Lear’s final visit before leaving for Italy was to the family of Phipps Hornby at Bovisand near Plymouth. Captain Phipps Hornby (1785-1867) was a cousin and brother-in-law of Lear’s patron, the Earl of Derby; he later became an Admiral and was knighted. Lear presumably knew the Phipps Hornbys from his many visits to Lancashire, and seems to have been intimate with all the family. Lear arrived in Plymouth on 19 June and left for London, probably on 6 July. The visit is quite fully recorded by the combination of a letter of 8 July (Frederick Warne Archive) and the contents of an album of drawings in the Victoria & Albert Museum, London (E.752-788.1939). An inscription, now separately mounted and reading “The Book of Bovisand / from Edward Lear / To Capn. & Mrs Hornby / & their family” records the gift of the album of drawing to the Hornbys. The drawings, some of which are dated between 21 June and 6 July, show either figures (presumably members of the Phipps Hornby family), coastal scenes, or views in the Plymouth area. Apart from hiking expeditions up the Plym on 23 June and the Tamar on 30 June, Lear stayed on the Bovisand side (i.e. the east) of Plymouth Sound. The Wordsworth Trust’s two drawings of Morwell Rocks, both dated 30 June 1837, both relate to a hiking trip up the Tamar that day. Another similar drawing of the river dated 30 June is in the Bovisand album (E.777.1939). Altogether there are five drawings in the album dated 30 June; two of them depict groups of ladies with their skirts pulled up for paddling, showing that this was trip for all the family, while a third shows the Tudor manor house of Cotehele (now National Trust), which was probably the ultimate goal of the day trip: Morwell Rocks on the Tamar Morwell Rocks on the River Tamar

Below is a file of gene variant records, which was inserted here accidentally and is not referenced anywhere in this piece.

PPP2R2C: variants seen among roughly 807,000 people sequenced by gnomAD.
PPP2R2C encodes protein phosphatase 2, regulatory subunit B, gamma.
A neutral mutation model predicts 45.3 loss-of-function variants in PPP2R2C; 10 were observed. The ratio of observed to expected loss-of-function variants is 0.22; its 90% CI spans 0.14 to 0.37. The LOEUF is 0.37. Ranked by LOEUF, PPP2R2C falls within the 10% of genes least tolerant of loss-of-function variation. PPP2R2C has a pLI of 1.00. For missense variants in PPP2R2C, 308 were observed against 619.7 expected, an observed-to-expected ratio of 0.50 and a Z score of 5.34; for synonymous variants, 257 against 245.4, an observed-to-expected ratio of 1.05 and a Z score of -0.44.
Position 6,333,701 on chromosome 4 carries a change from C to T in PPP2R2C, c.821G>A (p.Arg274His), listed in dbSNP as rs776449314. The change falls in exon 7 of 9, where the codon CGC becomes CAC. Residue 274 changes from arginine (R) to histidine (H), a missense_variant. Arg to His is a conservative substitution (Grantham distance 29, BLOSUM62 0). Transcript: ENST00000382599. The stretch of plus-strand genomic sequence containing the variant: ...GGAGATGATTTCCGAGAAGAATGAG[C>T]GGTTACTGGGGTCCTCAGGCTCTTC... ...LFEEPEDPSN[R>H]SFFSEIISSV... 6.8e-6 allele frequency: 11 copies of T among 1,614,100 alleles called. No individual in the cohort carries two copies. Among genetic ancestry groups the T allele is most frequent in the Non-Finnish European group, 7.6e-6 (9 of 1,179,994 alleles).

The Trust also has 2 drawings wrongly attributed to Lear: Grasmere Coniston Water

(No image available)
Reference Lear, Edward (1812-1888)
There are 26 works by Lear, Edward (1812-1888) in the Trust's collection, e.g.:
2004.119 artist Lear, Edward (1812-1888) , Seven Views of the Lake District, 1836, watercolour and pencil on paper
2004.119.1 # artist Lear, Edward (1812-1888) , Grasmere from Red Bank, 5th October 1836, Pencil and stump heightened with white, on grey paper
2004.119.2 # artist Lear, Edward (1812-1888) , Crummock Water and Mellbreak, 27th September 1836, Pencil and stump heightened with white, on blue-grey paper

Numbered 52. At this point Lear was travelling along the road from Buttermere towards Cockermouth; this shows a view across the southern end of Crummock Water towards Mellbreak. (CN)

(exhibition catalogue for 'Edward Lear the Landscape Artist')
2004.119.3 # artist Lear, Edward (1812-1888) , Derwentwater, 20th or 21st September 1836, Pencil and stump heightened with white, on grey paper

Numbered 35. Although the date on this drawing has been cut, it was drawn on 20 or 21 September; the view is looking south down the lake towards Castle Crag, with Lord’s Isle (partially hidden behind the tree) and Rampsholme Island to its left. (CN)

(exhibition catalogue for 'Edward Lear the Landscape Artist')
2004.119.4 # artist Lear, Edward (1812-1888) , The Head of Buttermere, with Honister Crag, Fleetwith Pike and Haystacks, 30th September 1836, Pencil and stump heightened with white, on grey paper

After the view ofPillardrawn on the afternoon of the previous day, numbered 63, there are seven drawings missing from the numerical sequence, and this, number 71, drawn in the evening of the next day (the eastern side of Honister Crag is in shadow), is the next drawing to survive. After exploring the head of Ennerdale, Lear probably walked back to Buttermere over Scarth Gap Pass, before spending the night in Buttermere. (CN)

(exhibition catalogue for 'Edward Lear the Landscape Artist')